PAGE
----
Spinach seeds for late summer? Oh yes! Try planting some spinach rows during the third week in August. These will produce a bountiful fall harvest, but don’t pull the plants up. Harvest as needed into quite frosty weather, but leave the roots intact. Next spring, you’ll get a vigorous, enormous harvest of spinach earlier in the season than you would expect, and long before any pest insects are present. I have a soft spot for the French heirloom Monstrueux de Viroflay. The spring time leaves can be huge and floppy, but stay tender and delicious.
Cover Crop seeds can go into any space not being used for vegetable production. The best ones for this time of year are barley, buckwheat, and oats. These can all be tilled under before frost comes, and your soil will thank you for it. Both barley and oats can be left to die off when the cold weather hits, and they will form a mulch, holding soil in place and reducing weed pressure. They will add abundant carbon to the soil for spring planting.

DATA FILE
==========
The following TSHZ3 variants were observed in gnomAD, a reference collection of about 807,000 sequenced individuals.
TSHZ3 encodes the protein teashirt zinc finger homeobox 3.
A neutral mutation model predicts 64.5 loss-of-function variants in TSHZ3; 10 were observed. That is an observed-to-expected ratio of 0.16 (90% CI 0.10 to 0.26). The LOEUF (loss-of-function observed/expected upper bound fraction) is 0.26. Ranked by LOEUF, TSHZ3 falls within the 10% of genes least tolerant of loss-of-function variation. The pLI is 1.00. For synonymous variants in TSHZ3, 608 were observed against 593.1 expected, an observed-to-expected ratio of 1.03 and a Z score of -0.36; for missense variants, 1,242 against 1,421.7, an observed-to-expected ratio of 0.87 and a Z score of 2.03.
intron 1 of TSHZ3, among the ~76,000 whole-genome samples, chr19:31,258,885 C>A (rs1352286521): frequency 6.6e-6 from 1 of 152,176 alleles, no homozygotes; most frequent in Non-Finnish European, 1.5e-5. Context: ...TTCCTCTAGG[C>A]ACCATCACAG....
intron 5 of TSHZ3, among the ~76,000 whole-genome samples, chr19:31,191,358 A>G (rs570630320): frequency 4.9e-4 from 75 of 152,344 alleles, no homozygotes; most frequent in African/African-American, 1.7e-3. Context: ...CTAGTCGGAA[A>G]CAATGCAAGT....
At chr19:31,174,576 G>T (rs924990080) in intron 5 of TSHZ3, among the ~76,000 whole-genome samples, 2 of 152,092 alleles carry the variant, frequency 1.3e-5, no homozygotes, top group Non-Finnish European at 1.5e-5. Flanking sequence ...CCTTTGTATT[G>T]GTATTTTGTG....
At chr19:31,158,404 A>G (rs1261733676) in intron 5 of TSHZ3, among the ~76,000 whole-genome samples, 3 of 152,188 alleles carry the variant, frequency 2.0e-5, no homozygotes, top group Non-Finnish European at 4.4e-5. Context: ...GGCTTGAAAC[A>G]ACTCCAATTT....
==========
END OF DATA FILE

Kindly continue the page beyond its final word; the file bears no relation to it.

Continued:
One last note – please make sure all your orders are in if you want to get some of our Seed Garlic for Fall Planting, which will ship across Canada in September.